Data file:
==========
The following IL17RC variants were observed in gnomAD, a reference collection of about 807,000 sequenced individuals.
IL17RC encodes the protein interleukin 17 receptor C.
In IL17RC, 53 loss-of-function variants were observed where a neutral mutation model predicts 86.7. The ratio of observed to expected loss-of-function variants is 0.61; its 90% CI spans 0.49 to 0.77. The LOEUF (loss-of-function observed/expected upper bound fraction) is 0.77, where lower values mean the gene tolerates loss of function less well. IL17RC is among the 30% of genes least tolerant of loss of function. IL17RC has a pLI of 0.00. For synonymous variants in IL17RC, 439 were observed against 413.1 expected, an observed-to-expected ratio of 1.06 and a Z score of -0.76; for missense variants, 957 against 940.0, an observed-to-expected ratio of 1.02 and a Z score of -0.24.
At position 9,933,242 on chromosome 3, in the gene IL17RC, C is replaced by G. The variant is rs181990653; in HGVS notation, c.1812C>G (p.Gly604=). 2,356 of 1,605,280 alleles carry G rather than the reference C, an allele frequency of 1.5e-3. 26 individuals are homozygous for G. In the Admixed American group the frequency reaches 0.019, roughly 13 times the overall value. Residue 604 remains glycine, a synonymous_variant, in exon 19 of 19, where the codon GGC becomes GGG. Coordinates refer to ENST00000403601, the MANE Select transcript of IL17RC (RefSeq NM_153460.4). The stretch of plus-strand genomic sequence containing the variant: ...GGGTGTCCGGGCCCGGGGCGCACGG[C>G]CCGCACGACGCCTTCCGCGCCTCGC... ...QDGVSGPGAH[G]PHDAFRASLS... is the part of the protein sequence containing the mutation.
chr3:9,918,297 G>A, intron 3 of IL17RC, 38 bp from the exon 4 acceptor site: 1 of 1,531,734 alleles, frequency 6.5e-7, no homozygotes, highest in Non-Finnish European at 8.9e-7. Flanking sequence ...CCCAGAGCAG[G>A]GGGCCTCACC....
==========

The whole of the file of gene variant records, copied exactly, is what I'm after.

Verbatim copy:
The following IL17RC variants were observed in gnomAD, a reference collection of about 807,000 sequenced individuals.
IL17RC encodes the protein interleukin 17 receptor C.
In IL17RC, 53 loss-of-function variants were observed where a neutral mutation model predicts 86.7. The ratio of observed to expected loss-of-function variants is 0.61; its 90% CI spans 0.49 to 0.77. The LOEUF (loss-of-function observed/expected upper bound fraction) is 0.77, where lower values mean the gene tolerates loss of function less well. IL17RC is among the 30% of genes least tolerant of loss of function. IL17RC has a pLI of 0.00. For synonymous variants in IL17RC, 439 were observed against 413.1 expected, an observed-to-expected ratio of 1.06 and a Z score of -0.76; for missense variants, 957 against 940.0, an observed-to-expected ratio of 1.02 and a Z score of -0.24.
At position 9,933,242 on chromosome 3, in the gene IL17RC, C is replaced by G. The variant is rs181990653; in HGVS notation, c.1812C>G (p.Gly604=). 2,356 of 1,605,280 alleles carry G rather than the reference C, an allele frequency of 1.5e-3. 26 individuals are homozygous for G. In the Admixed American group the frequency reaches 0.019, roughly 13 times the overall value. Residue 604 remains glycine, a synonymous_variant, in exon 19 of 19, where the codon GGC becomes GGG. Coordinates refer to ENST00000403601, the MANE Select transcript of IL17RC (RefSeq NM_153460.4). The stretch of plus-strand genomic sequence containing the variant: ...GGGTGTCCGGGCCCGGGGCGCACGG[C>G]CCGCACGACGCCTTCCGCGCCTCGC... ...QDGVSGPGAH[G]PHDAFRASLS... is the part of the protein sequence containing the mutation.
chr3:9,918,297 G>A, intron 3 of IL17RC, 38 bp from the exon 4 acceptor site: 1 of 1,531,734 alleles, frequency 6.5e-7, no homozygotes, highest in Non-Finnish European at 8.9e-7. Flanking sequence ...CCCAGAGCAG[G>A]GGGCCTCACC....